Bryn Mawr Classical Review 2008.04.29
Kimberly Stratton, Naming the Witch: Magic, Ideology, and Stereotype in the Ancient World. New York: Columbia University Press, 2007. Pp. xv, 289. ISBN 978-0-231-13836-9. $45.00.
Reviewed by Patrick Maille, Oklahoma Panhandle State University (firstname.lastname@example.org)
Word count: 1981 words
Kimberly Stratton offers an analysis of how magic in the ancient world was connected to authority and power as an element of cultural discourse. The ability of the culturally powerful to label their critics and challengers with the pejorative term of magic played a significant role in maintaining the status quo. Over the period of time examined in the book, from Classical Greece to Late Antiquity, the strategies of discourse associated with the process of stigmatization with magic developed and adapted to several cultural contexts. Universal definitions and explanations of magic are rejected, and local factors are emphasized.
Stratton provides four chapters that examine four different cultural contexts. After an initial chapter which focuses on "Magic, Discourse and Ideology," the author moves chronologically and geographically through four more chapters. Those chapters are: "Barbarians, Magic, and Construction of the Other in Athens," "Mascula Libido: Women, Sex, and Magic in Roman Rhetoric and Ideology," "My Miracle, Your Magic: Heresy, Authority, and Early Christianities," and "Caution in the Kosher Kitchen: Magic, Identity, and Authority in Rabbinic Literature." There is also an epilogue entitled "Some Thoughts on Gender, Magic, and Stereotyping."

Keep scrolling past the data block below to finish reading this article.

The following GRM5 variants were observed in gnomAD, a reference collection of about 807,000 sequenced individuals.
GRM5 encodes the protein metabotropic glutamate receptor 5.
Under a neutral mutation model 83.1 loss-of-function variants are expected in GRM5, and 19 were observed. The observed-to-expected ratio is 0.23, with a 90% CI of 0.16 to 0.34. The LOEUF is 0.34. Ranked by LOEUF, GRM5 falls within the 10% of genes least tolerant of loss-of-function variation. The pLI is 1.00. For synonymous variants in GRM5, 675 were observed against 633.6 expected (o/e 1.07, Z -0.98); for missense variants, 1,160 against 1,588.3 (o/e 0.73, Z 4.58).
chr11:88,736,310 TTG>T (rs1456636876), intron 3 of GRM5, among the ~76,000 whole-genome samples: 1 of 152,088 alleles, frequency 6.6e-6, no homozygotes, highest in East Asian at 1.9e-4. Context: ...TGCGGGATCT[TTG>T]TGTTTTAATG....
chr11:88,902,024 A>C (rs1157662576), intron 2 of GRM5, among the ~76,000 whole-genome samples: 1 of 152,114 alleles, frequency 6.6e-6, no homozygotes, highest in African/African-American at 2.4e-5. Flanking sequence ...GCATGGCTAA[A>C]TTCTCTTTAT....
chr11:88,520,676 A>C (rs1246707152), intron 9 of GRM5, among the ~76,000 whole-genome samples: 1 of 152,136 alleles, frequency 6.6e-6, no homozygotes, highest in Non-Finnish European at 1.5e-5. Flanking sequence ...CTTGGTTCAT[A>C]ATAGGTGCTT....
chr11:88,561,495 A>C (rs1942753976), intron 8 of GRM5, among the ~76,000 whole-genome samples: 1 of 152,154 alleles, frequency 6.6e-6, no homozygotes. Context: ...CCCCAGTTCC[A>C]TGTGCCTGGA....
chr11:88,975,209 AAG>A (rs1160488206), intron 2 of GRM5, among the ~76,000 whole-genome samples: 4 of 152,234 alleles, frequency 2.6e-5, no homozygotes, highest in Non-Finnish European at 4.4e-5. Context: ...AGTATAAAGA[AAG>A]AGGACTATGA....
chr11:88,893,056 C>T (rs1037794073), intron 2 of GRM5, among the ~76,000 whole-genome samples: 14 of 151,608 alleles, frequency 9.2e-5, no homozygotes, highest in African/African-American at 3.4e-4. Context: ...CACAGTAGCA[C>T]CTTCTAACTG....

The author is not concerned with making an attempt to provide a history of ancient magic but, rather, wishes to "reveal magic's role as a discursive practice, which mediates power and social identity in specific ancient contexts (18)." This practice itself does indeed have a history, and it is very well articulated by Stratton. Efforts to construct a universally applicable definition of magic, however, are seen by the author as diverting attention from the local factors that shape how magic is deployed as a discursive element in the construction of what made power legitimate or illegitimate. Her approach is illuminating and her arguments effective, making the book a valuable scholarly contribution at a number of levels. The book will be useful to undergraduate and graduate students or to anyone interested in the history of magic as it relates to gender, authority, religion and other social or cultural contexts. The bibliography alone makes it a worthwhile acquisition for the scholar of magic in the ancient or late ancient world.